People who want the homeless crisis solved but do not want to help or support homeless people seek out truths that conveniently support their opinion. They feign concern and mislead the public with seemingly well-intended images and words that are actually horrifying, slanderous extremes.

Here is one tweet by user @CleanUpWestSoma, which depicts a homeless woman who appears to be under the influence of drugs and is captioned “She’s seen way better days! So sad!”

The insensitive photographer here is feigning concern for the person in the picture and the entire community. But all of this is merely a façade. Fellow tweeter @thestoryofasia rebukes the image, begging the photographer to delete it since it was likely taken without the featured woman’s permission. Sadly, her defensive response is dwarfed by a barrage of ignorant and distasteful comments calling the woman in the photograph a criminal, claiming her very existence is a punishment to society, labeling her the scourge of the neighborhood, and even hurling words of profanity in her direction.

In reality, this seemingly benign social media image projects a slanderous extreme.

Despite the narrative peddled by the masses, drug abuse IS NOT the leading cause of homelessness. Lack of affordable housing is.

In fact, drug abuse can sometimes be the unfortunate result of homelessness. It’s a circumstance that sets in from the depression experienced while living on the streets.

That being said, the drug abuse crisis in the United States is in no way limited to homeless people. When housed people struggle with addiction, we call that addiction a disease. Why is it that when homeless people struggle with addiction, we suggest they are the disease, the scourge, the criminals? It seems we, as a society, only think addiction is a choice when the consequence of the addiction becomes homelessness.

Choosing the Safety of One Group Over Another

Here is another tactic these hate groups often apply. It’s one where they claim that the existence of homeless people is a danger to other people in the community who they regard as either more innocent or more deserving. Again, on Twitter, another user by the name of @alexdatig displays video footage of school children walking past a homeless person. The caption reads as follows:

“School kids have to walk past homeless sleeping on the street and drug zombie having an episode on the sidewalk.”

This post, yet again, suggests that drug abuse is synonymous with homelessness. It projects the notion that homeless people are undesirable members of society (the word choice here being zombies, aka monsters). But it also adds an element of false concern. It hides these slanderous statements behind a presumed worry for school children.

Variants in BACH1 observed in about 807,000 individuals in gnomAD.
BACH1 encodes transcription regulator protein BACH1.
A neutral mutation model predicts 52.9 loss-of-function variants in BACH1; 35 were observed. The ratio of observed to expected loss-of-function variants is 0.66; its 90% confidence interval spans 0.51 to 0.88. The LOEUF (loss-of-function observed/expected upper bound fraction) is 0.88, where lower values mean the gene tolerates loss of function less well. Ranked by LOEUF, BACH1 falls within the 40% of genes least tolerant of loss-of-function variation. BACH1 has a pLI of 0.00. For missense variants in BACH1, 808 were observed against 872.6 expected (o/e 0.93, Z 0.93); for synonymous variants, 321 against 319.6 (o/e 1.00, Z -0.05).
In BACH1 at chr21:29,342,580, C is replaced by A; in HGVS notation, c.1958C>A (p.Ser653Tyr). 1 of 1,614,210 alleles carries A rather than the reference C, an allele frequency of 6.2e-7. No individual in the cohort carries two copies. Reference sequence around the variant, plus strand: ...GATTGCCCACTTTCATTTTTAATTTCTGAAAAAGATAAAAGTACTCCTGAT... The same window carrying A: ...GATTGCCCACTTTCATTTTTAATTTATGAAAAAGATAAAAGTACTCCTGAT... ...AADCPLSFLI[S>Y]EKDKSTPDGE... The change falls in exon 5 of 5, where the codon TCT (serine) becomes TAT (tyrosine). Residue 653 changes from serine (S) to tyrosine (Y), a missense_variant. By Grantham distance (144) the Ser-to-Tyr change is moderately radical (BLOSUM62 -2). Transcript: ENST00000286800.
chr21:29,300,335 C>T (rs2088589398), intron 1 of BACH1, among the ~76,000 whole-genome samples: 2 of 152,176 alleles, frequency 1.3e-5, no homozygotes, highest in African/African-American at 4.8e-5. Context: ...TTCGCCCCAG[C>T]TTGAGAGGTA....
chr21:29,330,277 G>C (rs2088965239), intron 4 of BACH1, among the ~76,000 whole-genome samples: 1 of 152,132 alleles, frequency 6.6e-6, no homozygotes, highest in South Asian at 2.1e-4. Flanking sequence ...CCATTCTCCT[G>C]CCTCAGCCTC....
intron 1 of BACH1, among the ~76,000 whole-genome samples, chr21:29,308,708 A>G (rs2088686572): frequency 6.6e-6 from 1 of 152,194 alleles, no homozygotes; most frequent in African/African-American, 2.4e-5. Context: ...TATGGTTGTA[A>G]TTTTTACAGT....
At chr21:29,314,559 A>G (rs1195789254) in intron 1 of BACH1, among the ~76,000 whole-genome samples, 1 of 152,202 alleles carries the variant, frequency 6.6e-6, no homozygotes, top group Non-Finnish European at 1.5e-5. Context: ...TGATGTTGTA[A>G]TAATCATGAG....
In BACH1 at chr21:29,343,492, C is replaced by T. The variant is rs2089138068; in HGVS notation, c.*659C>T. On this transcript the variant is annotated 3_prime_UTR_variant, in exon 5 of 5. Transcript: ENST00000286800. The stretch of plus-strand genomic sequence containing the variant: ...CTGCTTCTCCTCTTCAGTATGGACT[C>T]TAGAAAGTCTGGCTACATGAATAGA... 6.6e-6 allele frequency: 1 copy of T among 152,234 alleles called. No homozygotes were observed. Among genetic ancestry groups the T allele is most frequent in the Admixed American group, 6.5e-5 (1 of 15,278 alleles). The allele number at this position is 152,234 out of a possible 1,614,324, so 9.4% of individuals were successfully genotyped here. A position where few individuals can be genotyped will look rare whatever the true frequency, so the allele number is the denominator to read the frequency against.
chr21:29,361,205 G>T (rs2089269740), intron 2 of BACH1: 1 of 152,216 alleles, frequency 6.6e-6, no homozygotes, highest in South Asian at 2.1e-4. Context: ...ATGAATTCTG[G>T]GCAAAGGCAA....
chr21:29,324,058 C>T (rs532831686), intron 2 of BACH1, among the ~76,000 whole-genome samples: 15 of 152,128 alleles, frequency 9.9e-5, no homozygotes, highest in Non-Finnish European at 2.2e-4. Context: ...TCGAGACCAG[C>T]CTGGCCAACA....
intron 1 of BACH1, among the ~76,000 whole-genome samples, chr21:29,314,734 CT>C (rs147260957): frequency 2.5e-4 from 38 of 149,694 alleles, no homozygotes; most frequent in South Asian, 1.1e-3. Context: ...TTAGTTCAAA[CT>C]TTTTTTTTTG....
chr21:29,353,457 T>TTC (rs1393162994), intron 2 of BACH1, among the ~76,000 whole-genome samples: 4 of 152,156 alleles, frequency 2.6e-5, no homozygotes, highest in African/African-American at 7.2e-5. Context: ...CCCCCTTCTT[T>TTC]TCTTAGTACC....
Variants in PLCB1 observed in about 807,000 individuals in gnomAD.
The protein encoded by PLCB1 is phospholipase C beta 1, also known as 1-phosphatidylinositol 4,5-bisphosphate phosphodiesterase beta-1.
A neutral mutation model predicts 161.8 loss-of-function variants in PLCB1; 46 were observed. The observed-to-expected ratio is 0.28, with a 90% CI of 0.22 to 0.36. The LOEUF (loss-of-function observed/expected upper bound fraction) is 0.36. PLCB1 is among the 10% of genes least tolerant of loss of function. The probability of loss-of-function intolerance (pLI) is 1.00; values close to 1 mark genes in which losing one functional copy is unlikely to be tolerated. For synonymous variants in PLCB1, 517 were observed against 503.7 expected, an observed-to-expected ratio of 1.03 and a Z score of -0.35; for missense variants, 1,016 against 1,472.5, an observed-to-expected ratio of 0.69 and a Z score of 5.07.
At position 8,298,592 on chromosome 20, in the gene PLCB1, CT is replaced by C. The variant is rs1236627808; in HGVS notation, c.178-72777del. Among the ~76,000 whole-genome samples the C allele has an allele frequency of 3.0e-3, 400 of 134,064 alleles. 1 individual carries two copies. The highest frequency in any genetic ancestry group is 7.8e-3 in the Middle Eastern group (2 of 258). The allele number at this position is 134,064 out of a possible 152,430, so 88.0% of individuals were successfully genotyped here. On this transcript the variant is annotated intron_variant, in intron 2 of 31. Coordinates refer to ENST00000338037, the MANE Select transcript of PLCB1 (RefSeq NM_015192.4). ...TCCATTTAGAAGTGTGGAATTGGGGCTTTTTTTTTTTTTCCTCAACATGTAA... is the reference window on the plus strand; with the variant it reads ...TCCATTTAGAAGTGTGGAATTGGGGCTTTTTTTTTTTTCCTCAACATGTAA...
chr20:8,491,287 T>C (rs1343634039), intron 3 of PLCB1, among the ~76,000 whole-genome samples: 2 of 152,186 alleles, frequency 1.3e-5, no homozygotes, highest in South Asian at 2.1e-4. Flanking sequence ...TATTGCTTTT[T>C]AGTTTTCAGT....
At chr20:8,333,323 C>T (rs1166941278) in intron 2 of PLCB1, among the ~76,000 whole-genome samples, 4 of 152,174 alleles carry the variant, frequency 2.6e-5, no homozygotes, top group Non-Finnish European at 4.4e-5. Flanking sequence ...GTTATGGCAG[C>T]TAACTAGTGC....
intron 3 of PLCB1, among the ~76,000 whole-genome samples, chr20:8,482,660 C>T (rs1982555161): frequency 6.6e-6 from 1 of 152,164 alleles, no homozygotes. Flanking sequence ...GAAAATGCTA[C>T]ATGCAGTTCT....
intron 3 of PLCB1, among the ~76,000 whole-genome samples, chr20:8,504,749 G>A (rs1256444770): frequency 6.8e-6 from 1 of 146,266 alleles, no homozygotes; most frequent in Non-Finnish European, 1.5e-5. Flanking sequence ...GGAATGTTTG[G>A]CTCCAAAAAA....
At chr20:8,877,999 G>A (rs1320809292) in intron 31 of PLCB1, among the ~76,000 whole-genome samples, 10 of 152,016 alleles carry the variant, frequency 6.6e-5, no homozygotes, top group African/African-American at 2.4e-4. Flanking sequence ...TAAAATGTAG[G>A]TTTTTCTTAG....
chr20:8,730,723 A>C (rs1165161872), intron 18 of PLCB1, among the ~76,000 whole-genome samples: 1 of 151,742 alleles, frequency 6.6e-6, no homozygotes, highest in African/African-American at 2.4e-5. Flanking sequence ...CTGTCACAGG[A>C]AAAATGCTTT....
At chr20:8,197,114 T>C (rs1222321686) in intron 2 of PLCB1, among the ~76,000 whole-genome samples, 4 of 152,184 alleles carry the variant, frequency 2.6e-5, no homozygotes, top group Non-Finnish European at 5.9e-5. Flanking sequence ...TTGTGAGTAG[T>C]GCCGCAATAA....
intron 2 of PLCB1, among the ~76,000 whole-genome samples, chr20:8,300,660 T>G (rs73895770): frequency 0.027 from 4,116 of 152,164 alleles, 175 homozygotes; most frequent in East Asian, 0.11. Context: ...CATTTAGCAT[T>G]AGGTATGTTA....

Important fact: Homelessness among grade-school children has increased by 70% nationwide over the course of the past decade. During the 2016-2017 school year, 1.36 million students between kindergarten and 12th grade had to endure the tragedy of homelessness.

After carefully reviewing this profile, it is clear this person does occasionally address the housing crisis and the increasing death toll within the homeless population. However, somewhat ironically, it simultaneously paints a picture of homeless people as being criminal vagrants, addicts, villains, arsonists, and more. This is just the combination of exaggeration and false concern that feeds the flames of hate groups.

To Change the Culture, We Must Correct the Narrative

The media is largely to blame for the misrepresentation of the homeless population. Homeless people deserve a platform to tell their own stories, to display their own images, and to turn the negative narrative around.

As it stands, we hear much about homeless people engaging in criminal behavior. Yet we hear very little about how homelessness itself is a crime against humanity. If you really care about children, if you’re truly concerned for humanity, talk to your legislators and state reps about reducing homelessness by providing the one thing all homeless people need: housing.


Cynthia Griffith

Cynthia Griffith

     

Cynthia Griffith is a freelance writer dedicated to social justice and environmental issues.